After his speech at COP 27, Nicolás Maduro, president of Venezuela, takes a fresh look at the world community. What is expected?
LatinAmerican Post | David Rivadeneira Soto
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Leer en español: Un nuevo comienzo en el escenario internacional para Nicolás Maduro
Nicolás Maduro Moros, president of Venezuela, spoke at the Climate Change Summit, held in Sharm El Sheikh, Egypt, with a speech with which he seeks to renew his image on the international scene. Likewise, in the meeting the president interacted with other rulers and representatives of various states, in what appears to be a strategic attempt by the Venezuelan to re-enter the dynamics of diplomacy and international relations, softening the perception before the community of nations. Although he did not say it directly on this occasion in his words, it is possible that the Venezuelan leader also intends to pave the way after his request, a few days ago, to Antonio Guterres, president of the UN, to once again have a vote in this body.
By delving a little deeper into Maduro's meetings with other leaders, it is possible to review how they took place, and what the subtexts of these handshakes can mean. The analysis of Juan Diego Quezada, correspondent in the Andean region for the newspaper El País, points out that the recorded images of the greeting between Emmanuel Macron and Nicolás Maduro show a brief and cordial approach, in which the Venezuelan president was more effusive, while that his counterpart kept a calmer tone, trying to get closer when speaking to do it more privately.
Macron, through an interpreter, told him that "this path" had to be achieved, in what for the correspondent, and it may be an allusion to the talks in Mexico between the opposition and Chavismo to agree on verifiable elections and with international monitoring, for the 2024 presidential race in Venezuela. Another greeting that was also given at the summit was between Maduro and John Kerry, the United States representative at COP 27. Although about this meeting, Ned Price, the State Department spokesman for the press, said that it was not a scheduled meeting, showing that it was not planned and emerged spontaneously from the Venezuelan side.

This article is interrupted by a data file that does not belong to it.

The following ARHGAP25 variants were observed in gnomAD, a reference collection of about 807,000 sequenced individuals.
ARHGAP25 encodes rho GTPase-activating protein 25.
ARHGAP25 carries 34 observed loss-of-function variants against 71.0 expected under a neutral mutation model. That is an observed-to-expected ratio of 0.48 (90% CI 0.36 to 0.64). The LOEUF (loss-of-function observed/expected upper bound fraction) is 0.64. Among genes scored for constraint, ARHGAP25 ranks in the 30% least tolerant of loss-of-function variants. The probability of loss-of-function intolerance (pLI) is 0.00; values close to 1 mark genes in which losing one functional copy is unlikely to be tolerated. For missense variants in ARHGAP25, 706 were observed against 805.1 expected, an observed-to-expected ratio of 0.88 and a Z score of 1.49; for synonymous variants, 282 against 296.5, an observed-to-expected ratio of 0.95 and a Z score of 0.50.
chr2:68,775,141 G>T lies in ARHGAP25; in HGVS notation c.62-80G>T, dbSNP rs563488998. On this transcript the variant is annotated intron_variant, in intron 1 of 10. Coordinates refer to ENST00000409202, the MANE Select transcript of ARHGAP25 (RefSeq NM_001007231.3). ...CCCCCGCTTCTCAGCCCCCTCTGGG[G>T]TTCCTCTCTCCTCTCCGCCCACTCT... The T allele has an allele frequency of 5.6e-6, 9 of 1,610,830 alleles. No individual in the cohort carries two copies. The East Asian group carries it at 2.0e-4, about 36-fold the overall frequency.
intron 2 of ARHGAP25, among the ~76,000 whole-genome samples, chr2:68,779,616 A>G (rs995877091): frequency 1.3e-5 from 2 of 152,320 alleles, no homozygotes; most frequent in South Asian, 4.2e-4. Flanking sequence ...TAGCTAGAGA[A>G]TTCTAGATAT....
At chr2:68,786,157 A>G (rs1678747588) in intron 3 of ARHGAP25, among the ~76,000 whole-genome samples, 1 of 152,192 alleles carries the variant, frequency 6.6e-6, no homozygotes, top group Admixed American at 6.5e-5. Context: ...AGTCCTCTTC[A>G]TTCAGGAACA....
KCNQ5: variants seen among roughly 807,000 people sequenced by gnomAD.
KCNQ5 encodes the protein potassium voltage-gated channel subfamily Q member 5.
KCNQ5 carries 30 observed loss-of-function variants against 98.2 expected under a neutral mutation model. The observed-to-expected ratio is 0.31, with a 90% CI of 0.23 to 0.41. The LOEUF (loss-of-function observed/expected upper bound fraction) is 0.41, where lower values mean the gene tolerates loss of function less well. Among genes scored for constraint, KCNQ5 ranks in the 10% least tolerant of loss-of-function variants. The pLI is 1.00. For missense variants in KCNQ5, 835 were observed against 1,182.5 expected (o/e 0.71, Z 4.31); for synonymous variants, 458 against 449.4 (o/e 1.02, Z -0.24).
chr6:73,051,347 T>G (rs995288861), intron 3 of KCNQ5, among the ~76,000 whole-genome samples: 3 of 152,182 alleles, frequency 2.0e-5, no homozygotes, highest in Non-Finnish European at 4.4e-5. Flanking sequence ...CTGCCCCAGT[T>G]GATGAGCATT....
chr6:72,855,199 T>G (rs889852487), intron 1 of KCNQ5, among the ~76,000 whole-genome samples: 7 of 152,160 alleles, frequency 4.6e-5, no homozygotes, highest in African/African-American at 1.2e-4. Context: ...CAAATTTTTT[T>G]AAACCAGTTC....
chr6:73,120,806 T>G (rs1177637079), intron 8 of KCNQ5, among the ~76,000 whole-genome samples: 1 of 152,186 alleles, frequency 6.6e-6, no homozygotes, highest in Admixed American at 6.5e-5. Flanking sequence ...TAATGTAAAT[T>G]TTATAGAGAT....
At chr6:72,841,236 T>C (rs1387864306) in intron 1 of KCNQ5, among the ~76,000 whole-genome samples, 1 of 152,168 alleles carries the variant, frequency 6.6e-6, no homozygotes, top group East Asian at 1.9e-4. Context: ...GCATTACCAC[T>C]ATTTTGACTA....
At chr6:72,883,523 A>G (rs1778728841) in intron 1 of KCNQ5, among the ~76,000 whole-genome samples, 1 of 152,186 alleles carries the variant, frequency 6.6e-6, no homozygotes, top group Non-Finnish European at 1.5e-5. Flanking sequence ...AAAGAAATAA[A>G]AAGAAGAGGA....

Recover The VoteIn The UN And Other Aspirations Of Maduro
These meetings and appearances by Maduro are part of moves in multilateral bodies to echo and regain notoriety from legitimacy. On November 4, in statements to state media, Maduro asked Guterres "(…) to resolve that Venezuela, having the resources, the money, can have the bank account to pay and have the right to vote there in the UN", which he had lost since January due to his debts with the organization. These moves and approaches at COP 27 may be in search of becoming more integrated into the international community, opening up to world support to alleviate internal tensions that delegitimize it.
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The current conditions in South America, with the shift of various governments to the left, have placed the neighborhood in a new geopolitical environment, which, although not favorable to Maduro, because, for example, Boric, the Chilean president, has expressed his criticism for the human rights violations in Venezuela, if it has tipped the balance towards a negotiated solution to the Venezuelan crisis. In particular, with the arrival of Petro to the presidency, relations with the Maduro government, broken in the Duque era, have been resumed, the borders have been reopened and the containment of Venezuela has been proposed with the return to control, the conversation with the opposition and the holding of free elections. Air operations between the two countries have even been restarted, which were inaugurated with the arrival of a Boeing 747 of the airline Turpial Airlines from Caracas to Bogotá.
Oil, COP 27, And Other Factors
On the other hand, in the multi-sided game that is international politics, the war between Russia and Ukraine has moved the chips to re-negotiate Venezuelan oil. Luis Vicente León, director of the consultancy Datanalisis, told BBC News that "in the United States, for some time now, internal forces have been saying that the oil sanctions strategy did not make much sense after so long and its objective was not it was working", that is why a turn of the screw had begun to be noticed in those policies, but all as a result of the crisis of supply and price of crude unleashed by the Russian-Ukrainian conflict.
Finally, all that conjunction of factors that have been mentioned, from Putin's war against Kyiv, putting Venezuelan oil on the list of needs, the new leftist mandates in Latin America, the resumption of relations with Colombia, and the reappearance of Maduro on the international stage as a possible legitimate interlocutor, they have opened the door for it to return to the paths of recovery of democratic values, although this must be handled with great reserve. Maduro must continue to show that he can listen, shaking off shadows like that of Nicaragua, which is increasingly distancing itself from respect for the opposition and the institutions. An example of this would be to return to the Inter-American Human Rights System, which is part of the OAS, as President Petro officially requested a couple of months ago, and another good deed is the declaration at COP 27 of allying with other 9 countries of the Amazon basin to protect it, in a joint proposal with the Colombian leader.